A special article by Renata Reck;
My blog that was posted on the plight of humanity’s seeds, was written in anticipation of Friday the 13th, as we entered into the 21st Session of the United Framework Convention on Climate Changes.
That fateful Friday evening I was invited to Alliance Française in Mbabane, Swaziland. Oblivious to the terrorism unfolding in France, we warmly gathered on a sweltering El Nino evening, in co-operation and cultural action of the French embassy in Mozambique and Swaziland fora pre-COP 21 conference titled ‘The Road to Paris: Climate Change Solutions for Swaziland’.
Nicola Bellomo, the Ambassador of the European Union in Swaziland after the welcoming note of Sophie Jaquel of the French Embassy in Mozambique and Swaziland, gave the opening speech. It pleased me much that he light-heartedly broke protocol and welcomed the youth first, saying it was after all for their benefit that the conference was being held. Perhaps by slip of tongue or by typo error of his secretary, he then emphasized proudly how the “EU was the first country to introduce pledges to reduce 40 % of its emissions.” Firstly, I was amazed how no one flinched as he spoke of the ‘country’ of EU. Secondly, I asked myself if only 40 % was such a wonderful pledge to be proud of, even if it was the first group of united countries to say it will lower its carbon emissions?
In the lecture room Mike Doyle from the United World College of Waterford Kamhlaba gave his own very complex rendition of humanity’s collision course. He spoke the state of VUCCA, meaning we are in times that are volatile, uncertain, complex, chaotic and ambiguous. As he painted the dismal portrait of our planet, emphasizing that we have no planet B to run to, I waited patiently on the edge of my seat in the airconditionless room for the subject of seeds to come up. His speech softened its edges as he proudly presented my former high school as striving to be the centre of green excellence. Waterford will be installing a bio-digester, a wind turbine, 20 solar geysers, 80 geyser timers, 100 LED lights and the next phase of education would be to disconnect and offer practical education on sustainability.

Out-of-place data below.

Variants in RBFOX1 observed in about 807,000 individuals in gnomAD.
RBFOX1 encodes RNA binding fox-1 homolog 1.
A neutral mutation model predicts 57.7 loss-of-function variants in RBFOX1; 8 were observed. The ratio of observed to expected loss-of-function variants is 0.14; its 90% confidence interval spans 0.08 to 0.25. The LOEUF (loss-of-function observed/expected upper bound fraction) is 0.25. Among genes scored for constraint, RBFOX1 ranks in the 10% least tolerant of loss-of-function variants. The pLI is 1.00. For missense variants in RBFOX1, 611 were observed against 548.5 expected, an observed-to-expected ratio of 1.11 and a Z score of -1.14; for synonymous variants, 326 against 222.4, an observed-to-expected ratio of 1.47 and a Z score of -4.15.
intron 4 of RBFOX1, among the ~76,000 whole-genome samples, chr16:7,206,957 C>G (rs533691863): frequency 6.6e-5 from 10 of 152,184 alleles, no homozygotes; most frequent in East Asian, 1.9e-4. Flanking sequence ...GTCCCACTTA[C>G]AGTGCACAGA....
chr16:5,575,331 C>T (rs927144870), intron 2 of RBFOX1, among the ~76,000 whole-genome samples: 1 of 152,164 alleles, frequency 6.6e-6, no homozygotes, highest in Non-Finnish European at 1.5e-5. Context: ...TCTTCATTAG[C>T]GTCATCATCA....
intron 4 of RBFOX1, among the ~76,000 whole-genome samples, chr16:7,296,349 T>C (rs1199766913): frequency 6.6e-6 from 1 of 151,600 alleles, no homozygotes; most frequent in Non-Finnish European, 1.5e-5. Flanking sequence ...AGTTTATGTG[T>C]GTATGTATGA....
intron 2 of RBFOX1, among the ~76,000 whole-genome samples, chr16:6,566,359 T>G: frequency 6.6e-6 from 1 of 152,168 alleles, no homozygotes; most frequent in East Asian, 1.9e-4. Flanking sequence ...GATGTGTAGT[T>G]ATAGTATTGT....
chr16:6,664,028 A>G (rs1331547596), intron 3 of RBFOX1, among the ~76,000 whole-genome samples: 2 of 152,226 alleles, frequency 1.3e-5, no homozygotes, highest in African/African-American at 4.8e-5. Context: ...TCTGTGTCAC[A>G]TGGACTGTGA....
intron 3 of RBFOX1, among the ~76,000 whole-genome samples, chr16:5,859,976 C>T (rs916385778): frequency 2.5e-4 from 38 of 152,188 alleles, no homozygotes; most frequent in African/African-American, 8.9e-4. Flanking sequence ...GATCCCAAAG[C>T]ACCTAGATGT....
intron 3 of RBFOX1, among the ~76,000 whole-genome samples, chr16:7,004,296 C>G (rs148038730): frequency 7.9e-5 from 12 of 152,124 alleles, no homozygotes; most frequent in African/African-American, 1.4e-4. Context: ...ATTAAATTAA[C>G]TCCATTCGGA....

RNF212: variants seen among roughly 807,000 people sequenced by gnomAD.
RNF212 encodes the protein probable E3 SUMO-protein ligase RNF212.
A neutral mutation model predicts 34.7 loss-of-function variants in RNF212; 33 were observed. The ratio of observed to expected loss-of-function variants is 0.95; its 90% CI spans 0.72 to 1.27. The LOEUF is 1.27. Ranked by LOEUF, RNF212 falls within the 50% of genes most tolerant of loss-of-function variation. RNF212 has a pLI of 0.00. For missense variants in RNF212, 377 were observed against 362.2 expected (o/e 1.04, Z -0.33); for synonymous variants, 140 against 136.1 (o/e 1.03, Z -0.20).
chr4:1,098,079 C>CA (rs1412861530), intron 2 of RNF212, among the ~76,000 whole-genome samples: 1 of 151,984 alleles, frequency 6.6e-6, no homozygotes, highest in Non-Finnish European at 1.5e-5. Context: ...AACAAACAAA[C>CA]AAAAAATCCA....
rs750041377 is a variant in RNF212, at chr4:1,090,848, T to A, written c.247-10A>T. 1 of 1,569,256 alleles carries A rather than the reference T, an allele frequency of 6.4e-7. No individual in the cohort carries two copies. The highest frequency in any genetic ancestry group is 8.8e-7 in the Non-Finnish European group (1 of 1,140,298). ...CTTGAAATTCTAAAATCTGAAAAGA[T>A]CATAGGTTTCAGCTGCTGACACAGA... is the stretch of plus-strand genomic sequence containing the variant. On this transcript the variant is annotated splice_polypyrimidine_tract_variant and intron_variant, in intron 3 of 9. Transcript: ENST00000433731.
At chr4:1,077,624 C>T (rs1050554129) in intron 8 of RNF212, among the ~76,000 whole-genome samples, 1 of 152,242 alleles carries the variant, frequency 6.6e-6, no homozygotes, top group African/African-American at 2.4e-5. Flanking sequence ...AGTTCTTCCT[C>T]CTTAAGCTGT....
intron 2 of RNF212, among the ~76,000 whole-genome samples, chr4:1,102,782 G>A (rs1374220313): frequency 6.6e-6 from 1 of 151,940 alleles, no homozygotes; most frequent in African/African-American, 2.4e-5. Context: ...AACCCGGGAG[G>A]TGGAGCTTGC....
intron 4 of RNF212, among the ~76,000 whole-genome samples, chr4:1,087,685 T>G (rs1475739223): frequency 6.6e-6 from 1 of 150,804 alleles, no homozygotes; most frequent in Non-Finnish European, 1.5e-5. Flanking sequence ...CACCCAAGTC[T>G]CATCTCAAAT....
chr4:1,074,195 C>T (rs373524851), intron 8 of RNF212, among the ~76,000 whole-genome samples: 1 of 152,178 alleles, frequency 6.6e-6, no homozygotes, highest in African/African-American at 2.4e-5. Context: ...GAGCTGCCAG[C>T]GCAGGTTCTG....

The importance of the freedom of seeds on our planet never came up under any of the speakers topics. Tasmia Young from the Eco-Store offered some more Swaziland aligned commercial eco-solutions, and Ncamiso Mhlanga of the UNDP explained well what El Nino means to us on this corner of Africa. When Dr.Irma Allen of the Swaziland Local Government Project gave her presentation I felt as hot under the collar, listless and tired as she said she was, going back year after year to the Climate Change Policy Direction gatherings with the same old group since 1992 and feeling very little progress from the proceedings. Dr. Allen as too Mr. Emmanuel Dlamini of the Ministry of Tourism and Environmental Affairs both focused on the poverty of Swaziland as the main hindrance towards gaining any progress in facing the world climate change issues. After Mr Dlamini opened the floor to questions, I found a moment to offer my two cents on the subject.
The time on the podium was limited, and the evening drew to a close, this is what I would have liked to have taken a bit more time to expand on.
All healthy food and farming systems are dependent upon the protection of the natural world. This should be the priority for all governments and communities. No trade or corporate rules should supersede this. Industrialized factory farms for beef, pork, and chicken are notorious for tragic conditions with disastrous ecological and public health consequences. The distance that food travels to a plate is an abysmal trade mechanism that destroys the quality of food as well as the environment. Climate-cidepractices should end now in the Kingdom of Swaziland. Knowledge of the rich heritage of Africa’s ancient foods and medicines needs revival for our survival.